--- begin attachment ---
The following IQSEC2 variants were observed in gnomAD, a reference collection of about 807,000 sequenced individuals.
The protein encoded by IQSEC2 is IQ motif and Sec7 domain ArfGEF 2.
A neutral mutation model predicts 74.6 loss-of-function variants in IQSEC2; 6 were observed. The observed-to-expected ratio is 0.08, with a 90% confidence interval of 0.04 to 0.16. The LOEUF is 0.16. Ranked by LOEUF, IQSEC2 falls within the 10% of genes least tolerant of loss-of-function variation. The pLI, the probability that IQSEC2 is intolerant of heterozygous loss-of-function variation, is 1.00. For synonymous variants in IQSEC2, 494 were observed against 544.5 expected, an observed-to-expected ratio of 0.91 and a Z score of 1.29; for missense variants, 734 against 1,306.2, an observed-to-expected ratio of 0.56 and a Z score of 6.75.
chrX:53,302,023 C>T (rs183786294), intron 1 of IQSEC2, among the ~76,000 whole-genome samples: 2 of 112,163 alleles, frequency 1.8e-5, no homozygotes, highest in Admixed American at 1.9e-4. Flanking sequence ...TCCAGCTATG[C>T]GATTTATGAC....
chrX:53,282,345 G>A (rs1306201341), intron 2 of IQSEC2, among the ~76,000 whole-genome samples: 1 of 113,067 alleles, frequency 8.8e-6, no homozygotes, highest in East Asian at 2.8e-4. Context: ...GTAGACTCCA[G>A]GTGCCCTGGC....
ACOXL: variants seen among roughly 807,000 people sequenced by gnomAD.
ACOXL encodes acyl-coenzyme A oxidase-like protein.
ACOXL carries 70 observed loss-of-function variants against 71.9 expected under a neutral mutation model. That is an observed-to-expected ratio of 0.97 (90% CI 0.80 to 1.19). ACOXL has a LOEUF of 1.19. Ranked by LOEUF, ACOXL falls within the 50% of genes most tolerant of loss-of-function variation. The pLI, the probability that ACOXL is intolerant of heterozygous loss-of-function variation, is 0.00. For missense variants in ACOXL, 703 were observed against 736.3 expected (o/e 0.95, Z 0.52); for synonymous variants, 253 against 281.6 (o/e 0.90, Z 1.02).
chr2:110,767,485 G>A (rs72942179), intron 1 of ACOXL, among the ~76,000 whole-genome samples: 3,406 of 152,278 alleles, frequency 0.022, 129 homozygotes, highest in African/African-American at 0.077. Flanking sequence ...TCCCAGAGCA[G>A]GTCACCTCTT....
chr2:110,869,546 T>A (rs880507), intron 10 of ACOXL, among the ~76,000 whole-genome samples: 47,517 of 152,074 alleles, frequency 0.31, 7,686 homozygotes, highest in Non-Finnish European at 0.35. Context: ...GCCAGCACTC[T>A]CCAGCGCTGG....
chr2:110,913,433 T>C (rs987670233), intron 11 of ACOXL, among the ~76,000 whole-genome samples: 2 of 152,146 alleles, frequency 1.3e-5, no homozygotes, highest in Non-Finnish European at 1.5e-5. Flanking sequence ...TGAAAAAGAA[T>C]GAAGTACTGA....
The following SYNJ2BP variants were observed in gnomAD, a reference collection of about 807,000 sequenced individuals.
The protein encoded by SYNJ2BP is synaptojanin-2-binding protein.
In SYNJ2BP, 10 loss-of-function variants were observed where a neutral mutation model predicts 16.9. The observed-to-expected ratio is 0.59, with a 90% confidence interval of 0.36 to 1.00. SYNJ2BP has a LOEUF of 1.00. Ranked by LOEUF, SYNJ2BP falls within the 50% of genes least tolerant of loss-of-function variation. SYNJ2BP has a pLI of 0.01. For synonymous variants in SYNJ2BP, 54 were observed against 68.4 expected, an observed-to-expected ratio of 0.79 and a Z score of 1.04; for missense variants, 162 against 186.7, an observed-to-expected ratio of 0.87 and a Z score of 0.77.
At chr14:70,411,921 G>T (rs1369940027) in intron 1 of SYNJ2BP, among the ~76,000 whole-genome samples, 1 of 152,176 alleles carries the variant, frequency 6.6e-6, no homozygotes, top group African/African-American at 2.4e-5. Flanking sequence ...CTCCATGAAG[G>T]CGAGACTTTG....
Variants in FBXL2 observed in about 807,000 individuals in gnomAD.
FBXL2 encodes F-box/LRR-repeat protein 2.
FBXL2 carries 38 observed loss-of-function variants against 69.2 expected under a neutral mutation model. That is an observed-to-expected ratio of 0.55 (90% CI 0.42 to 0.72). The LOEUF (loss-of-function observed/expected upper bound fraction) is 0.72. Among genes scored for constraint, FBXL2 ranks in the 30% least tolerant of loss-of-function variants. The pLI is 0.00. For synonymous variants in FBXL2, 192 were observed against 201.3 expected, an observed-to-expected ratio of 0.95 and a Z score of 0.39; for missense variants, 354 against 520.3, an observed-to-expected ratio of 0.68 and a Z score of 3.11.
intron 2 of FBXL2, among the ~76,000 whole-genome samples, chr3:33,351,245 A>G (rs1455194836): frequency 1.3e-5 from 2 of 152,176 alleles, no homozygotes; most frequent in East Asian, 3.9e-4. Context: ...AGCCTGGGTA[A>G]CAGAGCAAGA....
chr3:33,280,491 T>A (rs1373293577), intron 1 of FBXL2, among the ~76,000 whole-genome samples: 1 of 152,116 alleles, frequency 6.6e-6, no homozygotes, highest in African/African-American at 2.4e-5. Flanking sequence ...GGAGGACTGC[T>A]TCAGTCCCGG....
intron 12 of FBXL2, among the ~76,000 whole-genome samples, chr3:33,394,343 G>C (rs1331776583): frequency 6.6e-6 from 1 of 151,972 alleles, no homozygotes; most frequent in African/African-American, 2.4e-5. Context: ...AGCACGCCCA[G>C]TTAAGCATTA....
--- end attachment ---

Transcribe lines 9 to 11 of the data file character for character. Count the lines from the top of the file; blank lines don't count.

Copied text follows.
chr2:110,767,485 G>A (rs72942179), intron 1 of ACOXL, among the ~76,000 whole-genome samples: 3,406 of 152,278 alleles, frequency 0.022, 129 homozygotes, highest in African/African-American at 0.077. Flanking sequence ...TCCCAGAGCA[G>A]GTCACCTCTT....
chr2:110,869,546 T>A (rs880507), intron 10 of ACOXL, among the ~76,000 whole-genome samples: 47,517 of 152,074 alleles, frequency 0.31, 7,686 homozygotes, highest in Non-Finnish European at 0.35. Context: ...GCCAGCACTC[T>A]CCAGCGCTGG....
chr2:110,913,433 T>C (rs987670233), intron 11 of ACOXL, among the ~76,000 whole-genome samples: 2 of 152,146 alleles, frequency 1.3e-5, no homozygotes, highest in Non-Finnish European at 1.5e-5. Flanking sequence ...TGAAAAAGAA[T>C]GAAGTACTGA....